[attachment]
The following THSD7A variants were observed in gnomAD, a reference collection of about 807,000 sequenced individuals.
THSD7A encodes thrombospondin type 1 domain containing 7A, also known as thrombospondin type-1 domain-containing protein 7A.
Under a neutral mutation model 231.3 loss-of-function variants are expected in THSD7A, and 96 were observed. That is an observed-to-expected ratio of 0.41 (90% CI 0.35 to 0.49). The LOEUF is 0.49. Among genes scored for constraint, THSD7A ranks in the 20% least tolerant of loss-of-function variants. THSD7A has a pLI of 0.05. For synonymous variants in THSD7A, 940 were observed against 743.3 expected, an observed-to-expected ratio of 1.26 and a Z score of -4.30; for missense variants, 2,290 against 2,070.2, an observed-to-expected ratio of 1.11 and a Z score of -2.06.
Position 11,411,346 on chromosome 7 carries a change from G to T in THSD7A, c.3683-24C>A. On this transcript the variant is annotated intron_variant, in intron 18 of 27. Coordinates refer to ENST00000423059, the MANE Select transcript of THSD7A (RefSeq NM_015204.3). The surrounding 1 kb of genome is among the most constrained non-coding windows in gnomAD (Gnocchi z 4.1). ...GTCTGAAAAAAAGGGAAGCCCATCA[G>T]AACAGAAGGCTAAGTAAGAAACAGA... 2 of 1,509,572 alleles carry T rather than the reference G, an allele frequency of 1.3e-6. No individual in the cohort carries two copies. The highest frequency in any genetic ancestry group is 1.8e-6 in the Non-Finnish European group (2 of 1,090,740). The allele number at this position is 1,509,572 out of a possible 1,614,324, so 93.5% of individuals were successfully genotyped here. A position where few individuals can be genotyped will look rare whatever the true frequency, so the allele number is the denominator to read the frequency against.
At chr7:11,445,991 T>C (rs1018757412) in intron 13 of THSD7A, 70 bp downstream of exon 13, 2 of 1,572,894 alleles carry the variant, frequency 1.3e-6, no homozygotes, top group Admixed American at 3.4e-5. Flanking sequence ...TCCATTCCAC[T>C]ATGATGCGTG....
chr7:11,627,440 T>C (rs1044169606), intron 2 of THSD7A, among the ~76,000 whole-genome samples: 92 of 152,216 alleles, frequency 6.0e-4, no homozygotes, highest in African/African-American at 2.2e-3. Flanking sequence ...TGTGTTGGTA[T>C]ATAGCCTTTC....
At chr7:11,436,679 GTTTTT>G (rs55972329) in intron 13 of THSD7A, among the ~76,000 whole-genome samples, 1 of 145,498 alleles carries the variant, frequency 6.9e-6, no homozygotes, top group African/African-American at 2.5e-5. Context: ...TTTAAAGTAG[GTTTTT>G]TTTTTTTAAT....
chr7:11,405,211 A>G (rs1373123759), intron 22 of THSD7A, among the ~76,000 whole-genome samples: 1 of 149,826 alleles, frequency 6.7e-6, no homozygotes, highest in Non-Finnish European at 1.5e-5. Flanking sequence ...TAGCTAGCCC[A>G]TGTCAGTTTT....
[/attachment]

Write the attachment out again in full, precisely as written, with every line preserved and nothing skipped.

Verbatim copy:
The following THSD7A variants were observed in gnomAD, a reference collection of about 807,000 sequenced individuals.
THSD7A encodes thrombospondin type 1 domain containing 7A, also known as thrombospondin type-1 domain-containing protein 7A.
Under a neutral mutation model 231.3 loss-of-function variants are expected in THSD7A, and 96 were observed. That is an observed-to-expected ratio of 0.41 (90% CI 0.35 to 0.49). The LOEUF is 0.49. Among genes scored for constraint, THSD7A ranks in the 20% least tolerant of loss-of-function variants. THSD7A has a pLI of 0.05. For synonymous variants in THSD7A, 940 were observed against 743.3 expected, an observed-to-expected ratio of 1.26 and a Z score of -4.30; for missense variants, 2,290 against 2,070.2, an observed-to-expected ratio of 1.11 and a Z score of -2.06.
Position 11,411,346 on chromosome 7 carries a change from G to T in THSD7A, c.3683-24C>A. On this transcript the variant is annotated intron_variant, in intron 18 of 27. Coordinates refer to ENST00000423059, the MANE Select transcript of THSD7A (RefSeq NM_015204.3). The surrounding 1 kb of genome is among the most constrained non-coding windows in gnomAD (Gnocchi z 4.1). ...GTCTGAAAAAAAGGGAAGCCCATCA[G>T]AACAGAAGGCTAAGTAAGAAACAGA... 2 of 1,509,572 alleles carry T rather than the reference G, an allele frequency of 1.3e-6. No individual in the cohort carries two copies. The highest frequency in any genetic ancestry group is 1.8e-6 in the Non-Finnish European group (2 of 1,090,740). The allele number at this position is 1,509,572 out of a possible 1,614,324, so 93.5% of individuals were successfully genotyped here. A position where few individuals can be genotyped will look rare whatever the true frequency, so the allele number is the denominator to read the frequency against.
At chr7:11,445,991 T>C (rs1018757412) in intron 13 of THSD7A, 70 bp downstream of exon 13, 2 of 1,572,894 alleles carry the variant, frequency 1.3e-6, no homozygotes, top group Admixed American at 3.4e-5. Flanking sequence ...TCCATTCCAC[T>C]ATGATGCGTG....
chr7:11,627,440 T>C (rs1044169606), intron 2 of THSD7A, among the ~76,000 whole-genome samples: 92 of 152,216 alleles, frequency 6.0e-4, no homozygotes, highest in African/African-American at 2.2e-3. Flanking sequence ...TGTGTTGGTA[T>C]ATAGCCTTTC....
At chr7:11,436,679 GTTTTT>G (rs55972329) in intron 13 of THSD7A, among the ~76,000 whole-genome samples, 1 of 145,498 alleles carries the variant, frequency 6.9e-6, no homozygotes, top group African/African-American at 2.5e-5. Context: ...TTTAAAGTAG[GTTTTT>G]TTTTTTTAAT....
chr7:11,405,211 A>G (rs1373123759), intron 22 of THSD7A, among the ~76,000 whole-genome samples: 1 of 149,826 alleles, frequency 6.7e-6, no homozygotes, highest in Non-Finnish European at 1.5e-5. Flanking sequence ...TAGCTAGCCC[A>G]TGTCAGTTTT....